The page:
- Current Status
- On Hiatus
- 98 minutes
- Steve Buscemi, William H. Macy, Frances McDormand, Peter Stormare
- Joel Coen
- Ethan Coen, Joel Coen
- Drama, Mystery and Thriller, Comedy
Two decades after the release of Fargo, the snowbanks of our memory are still splattered with Steve Buscemi’s body parts. After searching two states for fugitives Carl Showalter (Buscemi) and Gaear Grimsrud (Peter Stormare), police chief Marge Gunderson (Frances McDormand) comes across a grisly, unforgettable sight: Grimsrud feeding his accomplice into a wood chipper.
On the 20th anniversary of the Coen brothers’ classic release, Peter Stormare, production designer Rick Heinrichs,, and cinematographer Roger Deakins, recall how the bloody scene came together.
When Fargo first went into production, not everyone involved expected it to become as influential as it did.
ROGER DEAKINS: It was quite a low-budget film, Fargo. After [The Hudsucker Proxy], the Coen brothers said, “We’re going to do this little low-budget film in Minnesota.”
RICK HEINRICHS: My wife tells me I was laughing out loud as I first read the script for Fargo, though her own reaction was one more of appalled horror.
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Like everything Joel and Ethan Coen put into their frame, the chipper needed to be perfect.
HEINRICHS: Joel and Ethan wanted the machine to feel both utilitarian and familiar. We researched various wood chippers based on what size would frame up well for Peter Stormare. We had to hide the brand name because, after all, what company would give permission to have their potentially deadly yard implement put to apparent deadly use? There was a chipper brand called the Wood Chuck on the market, so I called ours the Eager Beaver, painted it caution yellow, and put logos and hazard stickers all over it.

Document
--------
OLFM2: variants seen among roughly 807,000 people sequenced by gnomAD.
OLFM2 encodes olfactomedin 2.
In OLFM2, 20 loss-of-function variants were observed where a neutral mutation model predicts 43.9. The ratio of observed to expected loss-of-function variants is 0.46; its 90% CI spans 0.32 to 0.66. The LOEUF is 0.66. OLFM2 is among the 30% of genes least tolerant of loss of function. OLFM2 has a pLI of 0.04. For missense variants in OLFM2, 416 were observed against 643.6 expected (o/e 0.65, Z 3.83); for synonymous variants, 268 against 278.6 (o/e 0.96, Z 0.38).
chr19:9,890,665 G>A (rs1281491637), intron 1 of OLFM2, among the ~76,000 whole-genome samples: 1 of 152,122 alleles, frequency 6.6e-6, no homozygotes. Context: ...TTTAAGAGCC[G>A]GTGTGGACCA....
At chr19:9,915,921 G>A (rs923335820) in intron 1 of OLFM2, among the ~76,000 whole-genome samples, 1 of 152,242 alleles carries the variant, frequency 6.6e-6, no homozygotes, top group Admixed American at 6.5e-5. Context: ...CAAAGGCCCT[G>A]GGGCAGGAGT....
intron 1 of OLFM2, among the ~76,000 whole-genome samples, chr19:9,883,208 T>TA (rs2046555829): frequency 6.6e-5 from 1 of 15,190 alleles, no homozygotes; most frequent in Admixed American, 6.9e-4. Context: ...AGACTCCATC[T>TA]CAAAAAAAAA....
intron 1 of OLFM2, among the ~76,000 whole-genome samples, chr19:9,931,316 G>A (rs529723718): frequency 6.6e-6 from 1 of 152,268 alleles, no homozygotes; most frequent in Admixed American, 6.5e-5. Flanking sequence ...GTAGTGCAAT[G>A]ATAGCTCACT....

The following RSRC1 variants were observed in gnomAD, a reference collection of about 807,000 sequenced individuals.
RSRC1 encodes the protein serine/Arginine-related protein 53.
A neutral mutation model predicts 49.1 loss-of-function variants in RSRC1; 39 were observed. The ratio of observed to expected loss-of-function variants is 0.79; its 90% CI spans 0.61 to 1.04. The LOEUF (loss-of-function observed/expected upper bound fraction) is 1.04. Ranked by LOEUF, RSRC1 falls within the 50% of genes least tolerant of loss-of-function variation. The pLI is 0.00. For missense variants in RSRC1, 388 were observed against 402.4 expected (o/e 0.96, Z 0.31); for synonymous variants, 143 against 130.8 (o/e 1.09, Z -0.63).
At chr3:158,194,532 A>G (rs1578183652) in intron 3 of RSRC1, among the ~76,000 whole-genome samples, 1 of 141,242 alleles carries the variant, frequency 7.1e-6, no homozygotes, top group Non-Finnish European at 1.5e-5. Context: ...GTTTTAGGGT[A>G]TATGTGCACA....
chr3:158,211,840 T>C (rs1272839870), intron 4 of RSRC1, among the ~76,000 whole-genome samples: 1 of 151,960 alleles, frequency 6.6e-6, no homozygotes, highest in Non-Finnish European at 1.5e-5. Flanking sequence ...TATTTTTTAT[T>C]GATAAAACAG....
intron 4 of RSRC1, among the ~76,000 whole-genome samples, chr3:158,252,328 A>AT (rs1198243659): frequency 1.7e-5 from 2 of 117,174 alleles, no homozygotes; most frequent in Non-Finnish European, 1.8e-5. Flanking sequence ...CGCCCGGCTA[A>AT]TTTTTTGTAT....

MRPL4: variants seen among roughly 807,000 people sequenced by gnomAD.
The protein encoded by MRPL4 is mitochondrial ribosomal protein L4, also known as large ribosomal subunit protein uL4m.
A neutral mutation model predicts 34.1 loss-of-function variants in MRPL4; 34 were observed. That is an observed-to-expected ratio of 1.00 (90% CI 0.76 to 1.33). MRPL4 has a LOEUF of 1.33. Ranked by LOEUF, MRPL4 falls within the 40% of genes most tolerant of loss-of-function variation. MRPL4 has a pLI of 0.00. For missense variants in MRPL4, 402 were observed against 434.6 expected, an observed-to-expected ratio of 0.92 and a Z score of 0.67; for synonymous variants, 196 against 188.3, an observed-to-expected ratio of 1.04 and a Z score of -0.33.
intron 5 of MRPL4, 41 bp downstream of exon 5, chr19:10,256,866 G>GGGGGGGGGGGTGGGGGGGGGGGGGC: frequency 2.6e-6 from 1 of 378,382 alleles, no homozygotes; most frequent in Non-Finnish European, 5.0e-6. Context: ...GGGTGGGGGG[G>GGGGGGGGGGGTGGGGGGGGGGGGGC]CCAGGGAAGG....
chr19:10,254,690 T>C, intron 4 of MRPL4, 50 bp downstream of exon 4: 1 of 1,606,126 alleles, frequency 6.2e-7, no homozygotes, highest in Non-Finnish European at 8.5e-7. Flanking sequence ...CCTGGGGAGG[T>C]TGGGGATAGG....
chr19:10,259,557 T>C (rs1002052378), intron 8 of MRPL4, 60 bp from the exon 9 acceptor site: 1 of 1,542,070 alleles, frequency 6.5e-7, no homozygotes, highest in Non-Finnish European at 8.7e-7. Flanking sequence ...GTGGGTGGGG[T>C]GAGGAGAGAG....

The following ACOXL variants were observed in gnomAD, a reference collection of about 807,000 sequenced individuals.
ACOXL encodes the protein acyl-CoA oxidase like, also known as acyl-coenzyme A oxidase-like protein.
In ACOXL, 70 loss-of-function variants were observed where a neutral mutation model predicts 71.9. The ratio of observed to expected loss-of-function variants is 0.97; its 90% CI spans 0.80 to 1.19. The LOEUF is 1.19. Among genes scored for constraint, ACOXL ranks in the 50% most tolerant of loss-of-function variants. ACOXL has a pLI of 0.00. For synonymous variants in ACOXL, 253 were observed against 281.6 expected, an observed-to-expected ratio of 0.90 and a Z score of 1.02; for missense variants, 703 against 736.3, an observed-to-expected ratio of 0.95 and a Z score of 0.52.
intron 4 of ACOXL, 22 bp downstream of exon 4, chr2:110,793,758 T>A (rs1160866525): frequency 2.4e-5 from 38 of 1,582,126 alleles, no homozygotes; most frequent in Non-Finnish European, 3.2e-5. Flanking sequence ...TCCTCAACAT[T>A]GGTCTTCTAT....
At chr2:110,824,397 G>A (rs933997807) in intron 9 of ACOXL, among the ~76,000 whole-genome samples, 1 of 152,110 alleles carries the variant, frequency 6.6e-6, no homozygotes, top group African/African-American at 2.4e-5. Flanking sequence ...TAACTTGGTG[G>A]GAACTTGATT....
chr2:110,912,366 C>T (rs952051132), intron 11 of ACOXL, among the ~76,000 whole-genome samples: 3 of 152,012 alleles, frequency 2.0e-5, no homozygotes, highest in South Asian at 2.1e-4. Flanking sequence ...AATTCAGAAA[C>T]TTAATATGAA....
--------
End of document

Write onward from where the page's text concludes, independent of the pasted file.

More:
DEAKINS: The wood chipper was worked out well in advance. Once the chipper started, [the blood] would be everywhere. You couldn’t do take 2.
Despite testing perfectly the day before, there were technical difficulties on the day of the shoot.
PETER STORMARE: The brothers said, “Let’s test the machine once, so that we know it really works and something comes spurting out.” It was supposed to be, like, spaghetti and meat sauce and some red coloring.
DEAKINS: [The wood chipper] was misbehaving. There’s something about mechanics and film sets. They always break down.
STORMARE: They tried again and again. Nothing happened. Instead of starting to scream, the brothers said, “You better have it working tomorrow. We can shoot something else today, but tomorrow, it better be working.” We came back the next day, and it worked.
DEAKINS: We were playing with the foot sticking out of the wood chipper and the way it bobbled…. It was kind of gross shooting it, frankly.
STORMARE: Buscemi was not in the wood chipper, as many people think. It was a prop leg, a prosthetic. They asked me to push the leg down with my hand. I remember this vividly because I’m a country boy. I said, “I can’t push it down with my hand, unless I’m a moron.” So I took a piece of firewood. Then I said, “I can use this as a weapon when she draws her gun. Maybe I can knock her out with it.” They said, “How do you mean?” “I’ll throw it.” “Okay, let’s try it.” I pushed it down with my fire log, and when she comes, I throw it at her. I missed her, and she ducked a little, which was kind of cooler. It was a single take, and the machine worked perfectly.
Since then, the scene has become a noir classic, capturing Fargo‘s unique mix of shocking violence and twisted humor
STORMARE: It is a crazy little scene. We all debated: Is this really good?
DEAKINS: I remember laughing.
HEINRICHS: Enough film talk— I just want to laugh again at Carl’s socked foot hopping up and down inside the maw of the chipper feeder!